Chromium helps Diabetes

ISLAMABAD: Chromium supplementation may be good for the heart in people with type 2 diabetes, according to study findings. It appears to lead to a shortening of a harmful heart rhythm, which may lower cardiovascular risk in type 2 diabetics.
The heart rhythm disturbance known as a prolonged QT interval has been linked to fatal heart arrhythmias. Therefore, the changes in QT interval observed with chromium supplementation in patients with type 2 diabetes may also translate into a survival benefit, study investigator Dr. Bojan Vrtovec from Ljubljana University Medical Center in Slovenia told Reuters Health.

In the study, researchers had 30 diabetic patients take 1000 micrograms of chromium daily for 3 months followed by an inactive placebo for 3 months. Another 30 diabetic patients started with 3 months of placebo and then crossed over to chromium for 3 months.

At the start of the trial, the QT interval viewed on a standard electrocardiogram or ECG was similar in both groups -- 422 milliseconds in the first group and 425 in the second group.

However, at 3 months, the QT interval was significantly shorter in the supplementation group (406 milliseconds) than in the placebo group.

In the next 3 months, QT shortening was observed in the second group but not in the first group. At the end of the study, the OT interval duration was similar in both groups and was markedly lower overall than at the start of the trial before chromium supplementation.

This study shows that increased intake of chromium may lower cardiovascular risk in type 2 diabetic patients, the researchers say.

They also note in the American Heart Journal that blood insulin levels decreased significantly after 3 months of chromium supplementation and this may be partly responsible for the QT interval shortening.

A prolonged QT interval has been associated with high blood sugar levels, high insulin levels and reduced sensitivity to insulin in type 2 diabetics, they explain. Chromium supplementation improves sensitivity to insulin, lowers blood insulin levels and improves glucose homeostasis.

Thursday, August 03, 2006

Wal-Mart fights diabetes

For six weeks this August, September and October, dLife will be part of
the Wal-Mart and SAM'S CLUB Diabetes Aware & Care program occurring at over
2200 store locations.
dLife will assist Wal-Mart by providing in-store diabetes education, a
valuable membership offer for Wal-Mart customers, dLifeTV video airings and
much more. dLife CEO Howard Steinberg believes this is a prime example of
responsible entities coming together for a common goal. "Wal-Mart has a
long history of providing a major service to America's diabetes population,
including screening millions for diabetes over the past few years. It is
critical to reach people in their daily habit stream to make them more
aware about diabetes and help educate and motivate those with diabetes to
better care for themselves. We feel it is an honor to be Wal-Mart's partner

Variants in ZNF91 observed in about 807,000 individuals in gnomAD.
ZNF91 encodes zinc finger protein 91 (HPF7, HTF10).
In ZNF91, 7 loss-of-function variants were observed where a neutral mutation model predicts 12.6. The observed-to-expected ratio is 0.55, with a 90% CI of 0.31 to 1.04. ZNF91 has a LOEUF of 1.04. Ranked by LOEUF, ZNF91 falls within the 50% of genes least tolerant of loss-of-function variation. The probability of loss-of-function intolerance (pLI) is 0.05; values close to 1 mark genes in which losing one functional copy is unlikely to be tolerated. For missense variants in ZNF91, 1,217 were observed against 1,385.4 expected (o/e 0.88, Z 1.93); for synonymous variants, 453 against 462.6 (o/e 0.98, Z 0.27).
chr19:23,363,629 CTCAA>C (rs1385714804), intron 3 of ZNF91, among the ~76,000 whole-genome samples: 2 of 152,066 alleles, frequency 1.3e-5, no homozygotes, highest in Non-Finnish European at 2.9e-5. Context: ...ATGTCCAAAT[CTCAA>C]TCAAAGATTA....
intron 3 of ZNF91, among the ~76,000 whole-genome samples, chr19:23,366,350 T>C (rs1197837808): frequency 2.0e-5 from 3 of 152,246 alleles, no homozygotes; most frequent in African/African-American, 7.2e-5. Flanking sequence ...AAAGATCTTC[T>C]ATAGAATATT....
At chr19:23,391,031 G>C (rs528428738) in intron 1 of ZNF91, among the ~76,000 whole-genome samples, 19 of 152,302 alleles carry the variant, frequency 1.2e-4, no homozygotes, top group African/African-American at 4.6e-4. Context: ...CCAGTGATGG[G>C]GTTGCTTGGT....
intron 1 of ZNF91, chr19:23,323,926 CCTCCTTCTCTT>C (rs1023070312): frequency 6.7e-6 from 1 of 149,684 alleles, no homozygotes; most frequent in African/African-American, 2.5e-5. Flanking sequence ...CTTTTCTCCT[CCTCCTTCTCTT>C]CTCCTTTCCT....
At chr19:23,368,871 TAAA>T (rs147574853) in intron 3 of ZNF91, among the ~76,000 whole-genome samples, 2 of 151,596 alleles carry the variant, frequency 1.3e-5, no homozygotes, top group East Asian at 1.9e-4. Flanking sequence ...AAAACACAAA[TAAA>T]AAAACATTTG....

in this important effort."
About dLife and dLifeTV
dLife is the first and only multimedia platform for information,
inspiration, and connection to help people with diabetes manage their
challenging condition and live long and healthy lives. dLifeTV, the first
weekly lifestyle talk show about diabetes, is produced by dLife and airs
Sunday evenings on CNBC at 7:00PM ET, 6:00PM CT, and 4:00PM PT. dLifeRadio
is heard around the country and on XM satellite radio. dLife.com is the
largest independent website devoted to the diabetes lifestyle.

coffee is great for women

A study recently analysed the coffee-drinking habits of 28,812 post-menopausal women who averaged 61 years old and did not have diabetes or heart disease. During an 11-year period, 1,418 women reported a diagnosis of diabetes. Overall, those who drank the most coffee were 22% less likely to have diabetes, with decaf drinkers reaping even greater benefits, at a 33% less risk (versus 21%).

Sunday, July 30, 2006

How common is it?

From

mydr.com.au

An alarming number of Australians and Europeans have diabetes, with many new cases expected to be diagnosed in the coming years, according to Australian and European research.

The Australian Diabetes, Obesity and Lifestyle Study (AusDiab), presented to Federal Health Minister Michael Wooldridge in April this year, revealed that diabetes and its associated complications are set to become Australia’s most costly and significant public health issue within a decade.

AusDiab showed that one in 4 Australians now has diabetes or are at high risk of developing it in the next 5–10 years, while the number of Australians with diabetes has increased by more than 300 per cent in the past 20 years, from 250,000 to one million.

Co-Chief Investigator of AusDiab, Professor Paul Zimmet, warned public health officials to take heed of the figures.

‘This is now an epidemic rivalling infectious diseases such as smallpox, typhoid and cholera. The scenario is identical for obesity, a major cause of diabetes,’ Professor Zimmet said.

Meanwhile, similarly alarming European results were announced at the International Diabetes Federation’s Summit in Switzerland in May.

It was revealed that Type 2 diabetes (previously referred to as non insulin-dependent diabetes) currently affects one in 20 European adults (about 22.5 million in all), with a further 6 million expected to be affected by 2025.